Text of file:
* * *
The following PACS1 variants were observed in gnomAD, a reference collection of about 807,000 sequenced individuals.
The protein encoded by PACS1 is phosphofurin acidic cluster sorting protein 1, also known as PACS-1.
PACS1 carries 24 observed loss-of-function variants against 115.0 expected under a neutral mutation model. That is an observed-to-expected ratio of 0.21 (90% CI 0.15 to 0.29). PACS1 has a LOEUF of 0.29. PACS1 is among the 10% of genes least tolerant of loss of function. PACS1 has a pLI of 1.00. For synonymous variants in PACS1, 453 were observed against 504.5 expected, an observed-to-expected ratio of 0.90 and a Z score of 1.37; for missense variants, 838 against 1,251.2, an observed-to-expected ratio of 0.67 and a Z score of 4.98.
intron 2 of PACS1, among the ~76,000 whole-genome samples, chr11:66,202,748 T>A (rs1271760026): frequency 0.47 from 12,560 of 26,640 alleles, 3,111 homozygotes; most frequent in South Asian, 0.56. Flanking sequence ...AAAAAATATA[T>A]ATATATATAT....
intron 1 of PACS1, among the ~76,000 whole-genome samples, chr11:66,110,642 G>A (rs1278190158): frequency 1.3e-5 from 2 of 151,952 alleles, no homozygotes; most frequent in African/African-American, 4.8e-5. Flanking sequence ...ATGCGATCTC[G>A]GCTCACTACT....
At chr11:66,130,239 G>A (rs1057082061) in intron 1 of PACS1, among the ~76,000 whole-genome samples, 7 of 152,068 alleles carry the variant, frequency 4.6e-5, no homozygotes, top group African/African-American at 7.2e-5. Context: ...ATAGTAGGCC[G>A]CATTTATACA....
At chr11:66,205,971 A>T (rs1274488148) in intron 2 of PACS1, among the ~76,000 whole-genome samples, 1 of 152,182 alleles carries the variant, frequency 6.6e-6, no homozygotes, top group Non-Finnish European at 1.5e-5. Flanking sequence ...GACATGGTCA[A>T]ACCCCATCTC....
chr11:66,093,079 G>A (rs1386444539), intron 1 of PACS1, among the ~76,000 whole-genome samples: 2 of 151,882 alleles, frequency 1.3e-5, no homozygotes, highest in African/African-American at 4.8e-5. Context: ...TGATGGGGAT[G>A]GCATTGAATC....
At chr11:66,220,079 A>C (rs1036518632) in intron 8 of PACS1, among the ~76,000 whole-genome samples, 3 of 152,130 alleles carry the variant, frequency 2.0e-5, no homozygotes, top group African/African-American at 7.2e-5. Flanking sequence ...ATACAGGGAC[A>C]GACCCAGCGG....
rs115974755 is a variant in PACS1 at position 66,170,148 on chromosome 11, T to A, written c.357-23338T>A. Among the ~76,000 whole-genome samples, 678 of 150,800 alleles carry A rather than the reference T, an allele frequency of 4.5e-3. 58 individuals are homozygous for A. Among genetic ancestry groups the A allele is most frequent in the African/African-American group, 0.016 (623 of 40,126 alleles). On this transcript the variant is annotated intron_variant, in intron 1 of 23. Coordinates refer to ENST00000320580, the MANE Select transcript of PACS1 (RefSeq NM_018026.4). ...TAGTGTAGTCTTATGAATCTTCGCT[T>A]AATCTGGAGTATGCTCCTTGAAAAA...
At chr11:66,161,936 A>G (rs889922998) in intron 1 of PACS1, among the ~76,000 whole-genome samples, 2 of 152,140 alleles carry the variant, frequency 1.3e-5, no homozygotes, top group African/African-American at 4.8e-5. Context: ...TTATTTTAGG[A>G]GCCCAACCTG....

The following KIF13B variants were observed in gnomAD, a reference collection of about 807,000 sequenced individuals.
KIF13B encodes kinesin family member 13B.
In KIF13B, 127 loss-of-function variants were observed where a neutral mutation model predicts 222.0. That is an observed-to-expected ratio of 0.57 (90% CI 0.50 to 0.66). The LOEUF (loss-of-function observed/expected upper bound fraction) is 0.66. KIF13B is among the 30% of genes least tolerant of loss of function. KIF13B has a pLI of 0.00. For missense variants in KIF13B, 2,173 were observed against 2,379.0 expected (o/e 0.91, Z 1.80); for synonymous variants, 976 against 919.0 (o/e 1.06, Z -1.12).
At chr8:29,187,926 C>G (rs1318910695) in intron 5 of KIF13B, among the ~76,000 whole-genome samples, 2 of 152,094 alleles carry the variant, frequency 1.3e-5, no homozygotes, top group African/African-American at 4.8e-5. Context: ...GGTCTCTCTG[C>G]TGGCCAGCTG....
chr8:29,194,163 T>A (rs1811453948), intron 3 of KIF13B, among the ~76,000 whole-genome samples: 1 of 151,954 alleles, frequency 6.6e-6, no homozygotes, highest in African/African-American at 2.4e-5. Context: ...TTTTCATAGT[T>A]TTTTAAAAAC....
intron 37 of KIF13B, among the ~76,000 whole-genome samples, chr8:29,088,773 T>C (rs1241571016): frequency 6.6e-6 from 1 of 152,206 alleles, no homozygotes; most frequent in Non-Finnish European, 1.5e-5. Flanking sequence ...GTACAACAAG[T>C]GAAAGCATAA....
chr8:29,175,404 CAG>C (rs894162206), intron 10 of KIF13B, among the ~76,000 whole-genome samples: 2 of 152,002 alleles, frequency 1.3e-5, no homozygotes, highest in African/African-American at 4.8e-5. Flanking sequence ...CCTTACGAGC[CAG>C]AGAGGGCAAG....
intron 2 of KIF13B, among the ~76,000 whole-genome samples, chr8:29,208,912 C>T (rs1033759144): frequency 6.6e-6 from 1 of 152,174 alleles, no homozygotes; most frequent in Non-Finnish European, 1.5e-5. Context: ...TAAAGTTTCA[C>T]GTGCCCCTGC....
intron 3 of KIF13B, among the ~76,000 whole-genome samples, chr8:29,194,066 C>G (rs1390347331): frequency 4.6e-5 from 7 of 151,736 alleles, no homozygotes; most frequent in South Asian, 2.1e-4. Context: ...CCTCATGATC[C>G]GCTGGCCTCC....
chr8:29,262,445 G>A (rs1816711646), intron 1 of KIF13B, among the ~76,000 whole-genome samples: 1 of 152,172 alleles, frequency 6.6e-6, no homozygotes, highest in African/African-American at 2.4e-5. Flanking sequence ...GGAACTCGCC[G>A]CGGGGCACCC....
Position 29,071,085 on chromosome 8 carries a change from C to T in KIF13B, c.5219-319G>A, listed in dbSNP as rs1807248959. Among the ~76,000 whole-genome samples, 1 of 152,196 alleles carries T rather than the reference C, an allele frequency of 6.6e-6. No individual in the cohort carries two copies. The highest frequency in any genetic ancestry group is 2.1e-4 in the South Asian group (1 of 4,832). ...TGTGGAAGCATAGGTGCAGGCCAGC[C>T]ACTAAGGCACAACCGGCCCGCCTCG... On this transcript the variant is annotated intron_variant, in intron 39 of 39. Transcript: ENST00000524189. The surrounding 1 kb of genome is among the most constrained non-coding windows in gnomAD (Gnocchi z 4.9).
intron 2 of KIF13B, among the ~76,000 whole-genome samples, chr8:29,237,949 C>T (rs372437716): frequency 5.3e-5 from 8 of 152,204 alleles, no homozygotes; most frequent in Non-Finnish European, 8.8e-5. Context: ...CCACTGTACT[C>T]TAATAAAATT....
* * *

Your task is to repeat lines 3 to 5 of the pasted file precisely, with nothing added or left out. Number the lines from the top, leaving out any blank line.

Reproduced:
PACS1 carries 24 observed loss-of-function variants against 115.0 expected under a neutral mutation model. That is an observed-to-expected ratio of 0.21 (90% CI 0.15 to 0.29). PACS1 has a LOEUF of 0.29. PACS1 is among the 10% of genes least tolerant of loss of function. PACS1 has a pLI of 1.00. For synonymous variants in PACS1, 453 were observed against 504.5 expected, an observed-to-expected ratio of 0.90 and a Z score of 1.37; for missense variants, 838 against 1,251.2, an observed-to-expected ratio of 0.67 and a Z score of 4.98.
intron 2 of PACS1, among the ~76,000 whole-genome samples, chr11:66,202,748 T>A (rs1271760026): frequency 0.47 from 12,560 of 26,640 alleles, 3,111 homozygotes; most frequent in South Asian, 0.56. Flanking sequence ...AAAAAATATA[T>A]ATATATATAT....
intron 1 of PACS1, among the ~76,000 whole-genome samples, chr11:66,110,642 G>A (rs1278190158): frequency 1.3e-5 from 2 of 151,952 alleles, no homozygotes; most frequent in African/African-American, 4.8e-5. Flanking sequence ...ATGCGATCTC[G>A]GCTCACTACT....